Weathering Shame by Kevin Mannix and Linda Rota

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Kevin Mannix was a very popular, out-going and personable weather man for more than 25 years on Channel 6 in Portland. So it was a very big surprise when he stepped up to tell his story of shame and depression. He first told the story in a TV 6 series which won wide acclaim, along with much praise to Kevin for sharing his story.

Kevin and his wife Linda Rota, both of whom suffered from shame, tell their astonishing stories in a book, Weathering Shame. U.S. Senator Angus King expressed my view when he wrote, on the back cover, “I commend both Linda and Kevin for their willingness to share their very intimate stories. With their combined skills and experiences they make a powerful team in the effort to help others overcome the painful experiences that accompany mental illness and substance abuse within the family. I am grateful that they decided to strengthen the Maine Community by sharing their journey with us.”

Me too Angus. Me too.

Timber Harvesting in Wildlife Management Area Generates Controversy

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 “We want to create the best wildlife habitat we can.” Those words, from Keel Kemper, a wildlife biologist with Maine’s Department of Inland Fisheries and Wildlife, summed up his agency’s goals for the Jamies Pond Wildlife Management Area in Hallowell, and helped critics understand a proposed timber harvesting plan that has generated quite a bit of concern and controversy.

The Jamies Pond Wildlife Management Area is 915 acres in size and features a 107 acre pond as well as 808 acres of upland habitat with is predominantly mixed wood forest. This WMA is set to undergo its first timber harvesting project in more than a decade, covering about 70 percent of the area, prompting questions from folks who enjoy this area about the size and scope of the initiative.

Jamies Pond Wildlife Management Area Timber Harvesting Plan

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Crappie messages issued on invasive fish species

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                 The mixed messages about invasive fish species could not have been more evident than these summer of 2012 headlines from Maine’s Department of Inland Fisheries and Wildlife.

                “A Popular Newcomer: Black Crappie,” trumpeted one headline in DIF&W’s weekly newsletter. “MDIFW Encouraging the Taking of Largemouth Bass,” headlined an agency press release.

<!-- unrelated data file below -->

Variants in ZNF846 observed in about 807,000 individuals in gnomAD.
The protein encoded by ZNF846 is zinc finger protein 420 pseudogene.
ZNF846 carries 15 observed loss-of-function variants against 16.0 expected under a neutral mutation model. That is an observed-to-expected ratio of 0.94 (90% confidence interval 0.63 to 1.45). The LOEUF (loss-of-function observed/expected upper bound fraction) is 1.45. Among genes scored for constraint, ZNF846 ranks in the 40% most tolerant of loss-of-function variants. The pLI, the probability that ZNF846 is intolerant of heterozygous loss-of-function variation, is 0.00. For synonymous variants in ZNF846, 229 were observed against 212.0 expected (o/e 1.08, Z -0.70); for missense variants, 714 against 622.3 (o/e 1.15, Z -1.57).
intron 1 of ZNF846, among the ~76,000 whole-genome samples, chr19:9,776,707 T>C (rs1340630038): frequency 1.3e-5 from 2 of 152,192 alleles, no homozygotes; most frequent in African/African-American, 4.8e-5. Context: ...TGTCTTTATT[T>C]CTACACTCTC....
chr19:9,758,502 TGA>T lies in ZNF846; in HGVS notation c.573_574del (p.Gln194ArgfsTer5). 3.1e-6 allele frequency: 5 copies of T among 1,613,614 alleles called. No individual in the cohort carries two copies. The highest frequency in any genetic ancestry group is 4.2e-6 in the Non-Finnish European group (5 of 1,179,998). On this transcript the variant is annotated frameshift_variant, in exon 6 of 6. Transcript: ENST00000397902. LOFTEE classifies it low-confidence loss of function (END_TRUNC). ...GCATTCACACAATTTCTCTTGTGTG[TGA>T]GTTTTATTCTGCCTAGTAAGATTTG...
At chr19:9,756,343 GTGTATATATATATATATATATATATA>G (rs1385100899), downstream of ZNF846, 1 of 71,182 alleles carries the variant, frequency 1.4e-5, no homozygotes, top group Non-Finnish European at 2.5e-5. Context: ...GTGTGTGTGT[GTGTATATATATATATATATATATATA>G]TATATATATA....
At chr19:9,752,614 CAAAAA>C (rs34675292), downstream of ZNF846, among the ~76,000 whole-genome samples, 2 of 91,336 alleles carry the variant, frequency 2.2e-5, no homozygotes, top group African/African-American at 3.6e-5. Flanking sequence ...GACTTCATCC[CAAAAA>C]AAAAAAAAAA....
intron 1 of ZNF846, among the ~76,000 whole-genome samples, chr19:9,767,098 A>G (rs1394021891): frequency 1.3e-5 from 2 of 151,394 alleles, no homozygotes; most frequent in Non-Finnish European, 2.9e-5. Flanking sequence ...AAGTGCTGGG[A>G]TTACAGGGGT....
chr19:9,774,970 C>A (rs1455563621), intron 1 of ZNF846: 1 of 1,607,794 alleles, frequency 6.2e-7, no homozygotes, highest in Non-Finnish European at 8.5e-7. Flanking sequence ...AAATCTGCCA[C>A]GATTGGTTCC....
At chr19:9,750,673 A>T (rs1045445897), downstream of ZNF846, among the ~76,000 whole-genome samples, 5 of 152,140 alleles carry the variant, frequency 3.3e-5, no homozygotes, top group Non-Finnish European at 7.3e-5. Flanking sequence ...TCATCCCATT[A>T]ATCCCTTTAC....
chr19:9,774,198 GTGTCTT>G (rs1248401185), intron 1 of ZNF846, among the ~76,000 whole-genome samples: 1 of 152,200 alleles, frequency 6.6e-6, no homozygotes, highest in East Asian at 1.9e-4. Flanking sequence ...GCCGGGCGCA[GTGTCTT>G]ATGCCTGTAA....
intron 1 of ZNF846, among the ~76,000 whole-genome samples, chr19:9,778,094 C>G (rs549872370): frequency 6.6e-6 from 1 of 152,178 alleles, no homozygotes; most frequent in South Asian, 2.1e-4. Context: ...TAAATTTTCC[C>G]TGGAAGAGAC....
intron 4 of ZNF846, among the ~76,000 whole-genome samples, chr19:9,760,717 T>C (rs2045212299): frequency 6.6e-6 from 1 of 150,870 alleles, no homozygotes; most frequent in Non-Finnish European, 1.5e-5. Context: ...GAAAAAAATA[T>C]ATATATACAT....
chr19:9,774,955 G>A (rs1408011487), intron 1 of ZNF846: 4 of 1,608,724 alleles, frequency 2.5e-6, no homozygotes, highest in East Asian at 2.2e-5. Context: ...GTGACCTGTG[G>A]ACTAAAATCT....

The latter effort came after the discovery of illegally introduced largemouth bass in the Grand Falls Flowage. The “popular crappie” is also an illegally introduced species now found in more than 300 Maine waters.

A mighty fine restaurant in Waterville

City or Town: 
Waterville
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                 The only bad thing about writing a weekly travel column is that we seldom get to enjoy a return visit to our favorite places. It’s been 3 years since we last wrote about 18 Below in Waterville, but thankfully, it is just as good as we remembered.

                Owner/Chef Travis Lajoy’s Mom, Donna, the very personable greeter, is still up front, and Steve Comfort is still the primary server. He’s an amazing guy, who even remembered what we’d eaten here three years ago! We started this dining adventure with a bottle of a Spanish Tempranillo ($22).

Kittery Ghost by Barbara Winslow

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Barbara Winslow’s new book, Kittery Ghost, blends history with a fascinating tale involving a young boy, his blended family, the ghost of a Civil War officer, hidden treasures – well, you get the idea. This is a wonderful tale, and I particularly appreciated the way Barbara utilized the very real story of Brigadier General Mark Wentworth, a colonel of the 27th Maine and the 32nd Maine during the Civil War, to fashion this novel that will entertain your kids – and you too!

Barbara, who lives in Norridgewock, has written three children’s books after 36 years of teaching school in South Dakota, Alaska, and Maine. She reports that her three children listened patiently to her stories as they were growing up, and she wrote these books to pass on those stories to her grandchildren.

I can only thank her for sharing this story with me and my grandchildren. It’s a keeper!

Let’s do lunch – and enjoy a great musical!

City or Town: 
Winthrop
Kennebunkport
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 George

                From Federal Jack’s in Kennebunk to Cafe@130 Main in Winthrop, we’ve enjoyed some great lunches lately. And we were also entertained by a terrific musical during our first visit of the summer to the Maine Summer Music Theater in Brunswick.

                Federal Jack’s is the birthplace of my favorite Shipyard beers, and its second-story restaurant offers great views of the Kennebunk River. Picture this: we’re sitting outside on the deck in the sunshine, the river flowing by below us, a cold beer in front of us, awaiting a great lunch. Heavenly!

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